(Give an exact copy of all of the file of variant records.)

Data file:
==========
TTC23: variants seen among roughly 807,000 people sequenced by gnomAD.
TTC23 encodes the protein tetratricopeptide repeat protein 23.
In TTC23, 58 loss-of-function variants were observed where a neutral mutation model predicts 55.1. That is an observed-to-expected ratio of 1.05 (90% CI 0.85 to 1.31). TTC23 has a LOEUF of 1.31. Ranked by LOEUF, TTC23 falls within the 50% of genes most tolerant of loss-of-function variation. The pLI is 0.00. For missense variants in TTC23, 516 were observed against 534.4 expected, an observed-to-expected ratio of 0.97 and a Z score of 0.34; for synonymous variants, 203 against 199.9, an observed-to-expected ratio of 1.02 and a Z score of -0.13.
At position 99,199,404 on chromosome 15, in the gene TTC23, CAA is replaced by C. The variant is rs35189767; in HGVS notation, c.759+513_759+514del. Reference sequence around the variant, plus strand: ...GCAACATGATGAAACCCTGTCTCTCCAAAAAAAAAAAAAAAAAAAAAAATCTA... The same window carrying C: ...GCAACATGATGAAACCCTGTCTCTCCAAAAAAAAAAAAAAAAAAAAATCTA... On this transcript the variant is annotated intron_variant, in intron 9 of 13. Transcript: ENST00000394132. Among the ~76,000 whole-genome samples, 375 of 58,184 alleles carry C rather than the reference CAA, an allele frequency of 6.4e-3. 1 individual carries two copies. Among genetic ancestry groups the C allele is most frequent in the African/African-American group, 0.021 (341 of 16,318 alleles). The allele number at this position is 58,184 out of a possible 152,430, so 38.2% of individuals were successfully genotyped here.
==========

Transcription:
TTC23: variants seen among roughly 807,000 people sequenced by gnomAD.
TTC23 encodes the protein tetratricopeptide repeat protein 23.
In TTC23, 58 loss-of-function variants were observed where a neutral mutation model predicts 55.1. That is an observed-to-expected ratio of 1.05 (90% CI 0.85 to 1.31). TTC23 has a LOEUF of 1.31. Ranked by LOEUF, TTC23 falls within the 50% of genes most tolerant of loss-of-function variation. The pLI is 0.00. For missense variants in TTC23, 516 were observed against 534.4 expected, an observed-to-expected ratio of 0.97 and a Z score of 0.34; for synonymous variants, 203 against 199.9, an observed-to-expected ratio of 1.02 and a Z score of -0.13.
At position 99,199,404 on chromosome 15, in the gene TTC23, CAA is replaced by C. The variant is rs35189767; in HGVS notation, c.759+513_759+514del. Reference sequence around the variant, plus strand: ...GCAACATGATGAAACCCTGTCTCTCCAAAAAAAAAAAAAAAAAAAAAAATCTA... The same window carrying C: ...GCAACATGATGAAACCCTGTCTCTCCAAAAAAAAAAAAAAAAAAAAATCTA... On this transcript the variant is annotated intron_variant, in intron 9 of 13. Transcript: ENST00000394132. Among the ~76,000 whole-genome samples, 375 of 58,184 alleles carry C rather than the reference CAA, an allele frequency of 6.4e-3. 1 individual carries two copies. Among genetic ancestry groups the C allele is most frequent in the African/African-American group, 0.021 (341 of 16,318 alleles). The allele number at this position is 58,184 out of a possible 152,430, so 38.2% of individuals were successfully genotyped here.